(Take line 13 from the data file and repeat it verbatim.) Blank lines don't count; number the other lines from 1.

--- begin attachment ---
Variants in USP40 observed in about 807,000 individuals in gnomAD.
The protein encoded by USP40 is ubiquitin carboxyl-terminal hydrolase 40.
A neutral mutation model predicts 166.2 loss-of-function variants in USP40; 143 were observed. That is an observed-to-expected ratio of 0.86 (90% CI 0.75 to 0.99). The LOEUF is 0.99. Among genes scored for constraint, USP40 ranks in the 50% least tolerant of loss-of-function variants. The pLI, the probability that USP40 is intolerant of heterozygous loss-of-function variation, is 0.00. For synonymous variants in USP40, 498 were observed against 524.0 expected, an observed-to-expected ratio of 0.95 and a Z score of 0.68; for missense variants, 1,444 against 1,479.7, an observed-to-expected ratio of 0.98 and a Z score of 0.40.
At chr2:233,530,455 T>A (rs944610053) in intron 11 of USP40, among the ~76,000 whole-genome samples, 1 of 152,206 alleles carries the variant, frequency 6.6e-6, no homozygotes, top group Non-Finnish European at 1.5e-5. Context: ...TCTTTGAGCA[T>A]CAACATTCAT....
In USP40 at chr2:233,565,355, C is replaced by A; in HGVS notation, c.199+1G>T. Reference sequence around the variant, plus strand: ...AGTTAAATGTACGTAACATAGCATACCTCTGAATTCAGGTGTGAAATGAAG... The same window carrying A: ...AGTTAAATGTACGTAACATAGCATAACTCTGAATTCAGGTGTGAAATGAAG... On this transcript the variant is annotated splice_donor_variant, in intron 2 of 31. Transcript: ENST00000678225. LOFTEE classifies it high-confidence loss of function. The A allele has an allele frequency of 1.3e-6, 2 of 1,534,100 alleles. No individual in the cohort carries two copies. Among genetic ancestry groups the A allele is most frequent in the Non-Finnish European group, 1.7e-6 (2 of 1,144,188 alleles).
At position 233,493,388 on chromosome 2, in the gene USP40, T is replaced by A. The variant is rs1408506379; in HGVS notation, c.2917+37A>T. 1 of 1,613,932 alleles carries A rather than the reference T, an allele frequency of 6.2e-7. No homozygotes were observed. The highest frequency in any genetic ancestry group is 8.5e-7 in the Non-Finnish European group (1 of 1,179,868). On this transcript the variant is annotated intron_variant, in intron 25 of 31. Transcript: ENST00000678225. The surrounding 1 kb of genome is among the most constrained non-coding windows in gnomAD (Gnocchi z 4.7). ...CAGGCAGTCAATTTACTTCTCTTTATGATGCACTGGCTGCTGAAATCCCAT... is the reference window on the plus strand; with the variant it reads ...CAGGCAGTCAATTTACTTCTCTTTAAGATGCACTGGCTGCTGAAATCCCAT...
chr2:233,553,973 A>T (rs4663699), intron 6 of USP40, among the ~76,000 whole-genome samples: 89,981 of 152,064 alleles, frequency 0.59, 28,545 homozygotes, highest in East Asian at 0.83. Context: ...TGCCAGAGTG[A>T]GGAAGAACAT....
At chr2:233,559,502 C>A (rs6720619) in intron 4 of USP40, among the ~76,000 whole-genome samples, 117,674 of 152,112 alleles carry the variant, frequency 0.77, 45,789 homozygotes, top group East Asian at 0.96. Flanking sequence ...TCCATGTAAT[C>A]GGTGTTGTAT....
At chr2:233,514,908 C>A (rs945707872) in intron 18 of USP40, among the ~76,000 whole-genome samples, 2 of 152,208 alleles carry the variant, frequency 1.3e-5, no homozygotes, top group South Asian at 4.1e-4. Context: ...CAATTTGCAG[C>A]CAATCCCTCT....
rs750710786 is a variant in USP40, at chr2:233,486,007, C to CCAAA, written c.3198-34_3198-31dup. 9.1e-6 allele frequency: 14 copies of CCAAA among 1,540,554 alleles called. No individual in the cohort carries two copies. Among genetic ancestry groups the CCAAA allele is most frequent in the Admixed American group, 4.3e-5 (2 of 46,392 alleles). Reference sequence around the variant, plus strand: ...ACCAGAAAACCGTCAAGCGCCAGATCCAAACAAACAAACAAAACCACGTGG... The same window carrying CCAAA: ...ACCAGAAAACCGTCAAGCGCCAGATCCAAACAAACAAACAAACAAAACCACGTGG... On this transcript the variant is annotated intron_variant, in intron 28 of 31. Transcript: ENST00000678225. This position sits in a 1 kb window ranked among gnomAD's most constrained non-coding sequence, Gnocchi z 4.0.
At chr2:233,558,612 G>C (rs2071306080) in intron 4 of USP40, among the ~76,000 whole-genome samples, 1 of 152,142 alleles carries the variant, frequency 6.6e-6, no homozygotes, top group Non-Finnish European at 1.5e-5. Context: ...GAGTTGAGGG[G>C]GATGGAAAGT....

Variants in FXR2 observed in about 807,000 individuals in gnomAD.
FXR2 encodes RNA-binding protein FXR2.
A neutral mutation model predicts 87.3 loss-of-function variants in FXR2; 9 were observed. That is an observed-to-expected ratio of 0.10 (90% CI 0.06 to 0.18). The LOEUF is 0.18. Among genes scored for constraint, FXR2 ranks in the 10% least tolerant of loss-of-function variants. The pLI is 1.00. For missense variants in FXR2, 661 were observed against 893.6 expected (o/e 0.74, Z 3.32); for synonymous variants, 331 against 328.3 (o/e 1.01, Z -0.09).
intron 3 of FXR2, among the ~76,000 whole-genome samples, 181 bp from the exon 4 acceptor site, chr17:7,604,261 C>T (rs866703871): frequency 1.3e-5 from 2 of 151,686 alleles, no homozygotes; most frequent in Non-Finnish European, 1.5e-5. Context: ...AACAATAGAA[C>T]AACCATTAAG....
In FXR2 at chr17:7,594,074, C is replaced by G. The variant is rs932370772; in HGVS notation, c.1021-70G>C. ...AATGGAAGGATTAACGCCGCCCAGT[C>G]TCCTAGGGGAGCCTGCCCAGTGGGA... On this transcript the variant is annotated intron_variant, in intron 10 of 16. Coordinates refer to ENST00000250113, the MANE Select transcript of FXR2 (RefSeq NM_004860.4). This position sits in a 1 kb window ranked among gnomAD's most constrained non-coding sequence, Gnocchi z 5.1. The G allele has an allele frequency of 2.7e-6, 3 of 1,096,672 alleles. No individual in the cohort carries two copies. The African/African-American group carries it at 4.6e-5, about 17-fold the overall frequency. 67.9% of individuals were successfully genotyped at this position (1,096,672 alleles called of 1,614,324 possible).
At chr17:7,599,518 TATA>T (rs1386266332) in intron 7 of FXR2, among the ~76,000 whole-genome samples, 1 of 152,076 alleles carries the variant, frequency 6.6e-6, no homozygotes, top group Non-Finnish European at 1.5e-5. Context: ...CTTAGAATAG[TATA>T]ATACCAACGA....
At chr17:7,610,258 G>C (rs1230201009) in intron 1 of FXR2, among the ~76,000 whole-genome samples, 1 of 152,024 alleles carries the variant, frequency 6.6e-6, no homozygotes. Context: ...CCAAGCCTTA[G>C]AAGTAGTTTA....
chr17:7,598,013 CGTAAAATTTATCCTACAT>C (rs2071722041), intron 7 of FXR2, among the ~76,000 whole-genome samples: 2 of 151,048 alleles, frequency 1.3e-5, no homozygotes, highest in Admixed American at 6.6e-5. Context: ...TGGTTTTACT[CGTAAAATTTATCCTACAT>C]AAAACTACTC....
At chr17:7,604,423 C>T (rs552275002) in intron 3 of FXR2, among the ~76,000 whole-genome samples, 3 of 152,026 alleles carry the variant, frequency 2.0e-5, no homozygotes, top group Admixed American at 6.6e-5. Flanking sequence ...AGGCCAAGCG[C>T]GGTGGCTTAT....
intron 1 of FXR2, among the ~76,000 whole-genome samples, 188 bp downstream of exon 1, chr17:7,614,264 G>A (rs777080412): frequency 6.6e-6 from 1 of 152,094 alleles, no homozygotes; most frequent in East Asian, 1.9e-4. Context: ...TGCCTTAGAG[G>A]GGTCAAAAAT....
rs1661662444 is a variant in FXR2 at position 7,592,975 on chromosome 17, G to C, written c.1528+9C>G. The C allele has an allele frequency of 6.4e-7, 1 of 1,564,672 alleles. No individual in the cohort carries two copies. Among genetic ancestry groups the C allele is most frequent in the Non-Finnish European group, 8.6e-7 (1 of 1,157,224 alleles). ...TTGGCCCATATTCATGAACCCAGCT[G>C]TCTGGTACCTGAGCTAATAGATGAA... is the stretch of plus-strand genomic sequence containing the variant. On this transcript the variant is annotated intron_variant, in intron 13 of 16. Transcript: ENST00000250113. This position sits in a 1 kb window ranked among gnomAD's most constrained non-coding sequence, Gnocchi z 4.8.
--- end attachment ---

FXR2 encodes RNA-binding protein FXR2.